“The endoscopic endonasal approach is not performed at all institutions, although it has certainly become much more common over the last decade,” says Dr. Hardesty. “We work at a very large-volume EEA site, performing over 200 highly complex EEAs each year. We are very proud of the quality and quantity of these procedures, as well as the several hundred open or traditional craniotomy-type surgeries for skull base disease that we perform each year.”
The pair are working in collaboration with the Journal of Neurosurgery in compiling the largest-ever peer-reviewed publication series of EEA surgery, with outcome and complication reports from 1,002 performed EEAs at the Ohio State Wexner Medical Center from 2012-2018.
Dr. Hardesty’s and Dr. Prevedello’s high-proficiency and output in skull base neurosurgery is rooted in their inspiration to help people with extremely complex diseases achieve the best possible outcome. They find that the challenge of this enormous responsibility is compensated by the gratitude of their patients.
Educating the next generation of neurosurgeons with a world-class fellowship
In addition to practicing world-class care, Drs. Hardesty and Prevedello go a step further by providing valuable insights and mentorship to their academic community through running the Ohio State College of Medicine’s Skull Base Surgery Fellowship. This fellowship offers advanced, comprehensive training in skull base surgery, and allows fellows to participate with senior staff in all decisions surrounding surgical preparation, delivery and postoperative care. The opportunity nurtures students in an interdisciplinary setting to become masterful neurosurgeons who approach skull base diseases through an interdisciplinary lens.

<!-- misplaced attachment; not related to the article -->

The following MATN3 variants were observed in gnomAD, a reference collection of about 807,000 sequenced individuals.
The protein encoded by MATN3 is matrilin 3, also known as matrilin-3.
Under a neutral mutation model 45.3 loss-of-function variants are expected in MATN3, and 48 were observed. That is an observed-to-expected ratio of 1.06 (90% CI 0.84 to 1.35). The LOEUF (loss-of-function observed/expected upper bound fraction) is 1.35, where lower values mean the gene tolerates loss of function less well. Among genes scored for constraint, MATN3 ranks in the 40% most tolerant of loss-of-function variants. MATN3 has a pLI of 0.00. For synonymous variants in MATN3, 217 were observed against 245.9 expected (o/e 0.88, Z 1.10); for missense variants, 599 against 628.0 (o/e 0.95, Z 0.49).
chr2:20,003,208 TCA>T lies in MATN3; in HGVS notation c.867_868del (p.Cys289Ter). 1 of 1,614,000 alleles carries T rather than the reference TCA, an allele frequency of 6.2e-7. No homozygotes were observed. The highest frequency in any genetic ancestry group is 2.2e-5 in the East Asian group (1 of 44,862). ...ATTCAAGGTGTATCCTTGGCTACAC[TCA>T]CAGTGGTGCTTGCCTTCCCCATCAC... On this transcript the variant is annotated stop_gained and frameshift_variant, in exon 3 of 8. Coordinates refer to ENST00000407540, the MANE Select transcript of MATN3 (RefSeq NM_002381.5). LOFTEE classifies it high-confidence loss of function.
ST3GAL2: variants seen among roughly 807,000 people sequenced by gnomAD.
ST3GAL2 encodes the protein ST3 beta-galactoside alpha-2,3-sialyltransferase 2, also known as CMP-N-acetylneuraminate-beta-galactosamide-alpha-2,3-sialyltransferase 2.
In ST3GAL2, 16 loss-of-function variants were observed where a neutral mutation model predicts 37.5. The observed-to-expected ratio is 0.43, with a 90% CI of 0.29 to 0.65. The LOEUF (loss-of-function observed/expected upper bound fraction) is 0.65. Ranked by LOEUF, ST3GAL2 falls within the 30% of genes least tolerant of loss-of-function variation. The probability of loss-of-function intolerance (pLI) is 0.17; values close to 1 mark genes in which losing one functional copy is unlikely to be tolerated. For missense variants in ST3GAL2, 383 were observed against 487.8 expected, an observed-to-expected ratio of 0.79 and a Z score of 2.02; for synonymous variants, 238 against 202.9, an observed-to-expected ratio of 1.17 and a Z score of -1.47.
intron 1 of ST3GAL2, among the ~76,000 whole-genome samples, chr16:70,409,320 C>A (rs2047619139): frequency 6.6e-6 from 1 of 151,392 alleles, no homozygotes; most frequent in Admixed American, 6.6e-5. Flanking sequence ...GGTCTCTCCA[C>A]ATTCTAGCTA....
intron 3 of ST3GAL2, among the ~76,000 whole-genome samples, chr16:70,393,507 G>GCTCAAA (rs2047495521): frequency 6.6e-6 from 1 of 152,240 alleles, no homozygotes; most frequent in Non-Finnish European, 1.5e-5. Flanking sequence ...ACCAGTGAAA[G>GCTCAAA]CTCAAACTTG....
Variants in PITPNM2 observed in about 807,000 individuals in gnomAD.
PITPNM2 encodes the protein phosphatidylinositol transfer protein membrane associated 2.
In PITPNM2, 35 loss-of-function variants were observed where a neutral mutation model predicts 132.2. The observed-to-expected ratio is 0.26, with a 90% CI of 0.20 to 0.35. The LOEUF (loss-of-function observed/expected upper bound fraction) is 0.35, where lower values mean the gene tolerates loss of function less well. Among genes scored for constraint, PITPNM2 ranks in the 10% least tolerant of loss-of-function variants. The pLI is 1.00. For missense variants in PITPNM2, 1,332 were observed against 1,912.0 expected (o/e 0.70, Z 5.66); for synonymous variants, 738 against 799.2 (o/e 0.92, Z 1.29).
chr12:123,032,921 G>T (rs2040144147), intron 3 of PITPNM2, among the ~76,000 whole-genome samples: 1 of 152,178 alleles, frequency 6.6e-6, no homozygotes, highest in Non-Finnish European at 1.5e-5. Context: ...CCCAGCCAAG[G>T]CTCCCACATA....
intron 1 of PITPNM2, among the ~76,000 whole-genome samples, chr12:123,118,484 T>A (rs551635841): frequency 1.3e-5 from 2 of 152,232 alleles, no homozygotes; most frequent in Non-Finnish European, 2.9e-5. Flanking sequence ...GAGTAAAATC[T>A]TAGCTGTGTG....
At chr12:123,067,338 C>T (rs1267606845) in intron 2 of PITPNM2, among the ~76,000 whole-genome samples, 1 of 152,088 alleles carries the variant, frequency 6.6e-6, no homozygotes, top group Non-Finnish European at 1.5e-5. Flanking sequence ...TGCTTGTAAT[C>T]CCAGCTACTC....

“We can only help one patient at a time,” says Dr. Prevedello. “It is only through mentorship and fellowship that we can properly teach these techniques to our fellows. They are our legacy, and they will properly take care of the patients in other parts of the world and in the future.”
In addition to drawing the attention of patients worldwide, the Ohio State College of Medicine’s Skull Base Surgery Fellowship has gained recognition from the academic community. It’s one of the first skull base fellowships in the nation to be accredited by the Committee on Advanced Subspecialty Training for the Society of Neurological Surgeons.
“This accreditation standardizes fellowships by having them report surgery quality, number and variety of procedures, and the percentage of positive treatment outcomes,” says Dr. Prevedello.
This accreditation validates the high caliber of this fellowship, giving fellows better job prospects following their time with the program, as well as increases patient interest.
“This accreditation underscores and recognizes the critical importance and impact of The Ohio State University Skull Base Surgery program nationally,” says Russell Lonser, MD, professor and chair of the Department of Neurological Surgery at the Ohio State College of Medicine. “It’s a tribute to Drs. Prevedello’s and Hardesty’s — and their interdisciplinary colleagues’ — outstanding patient care and training expertise.”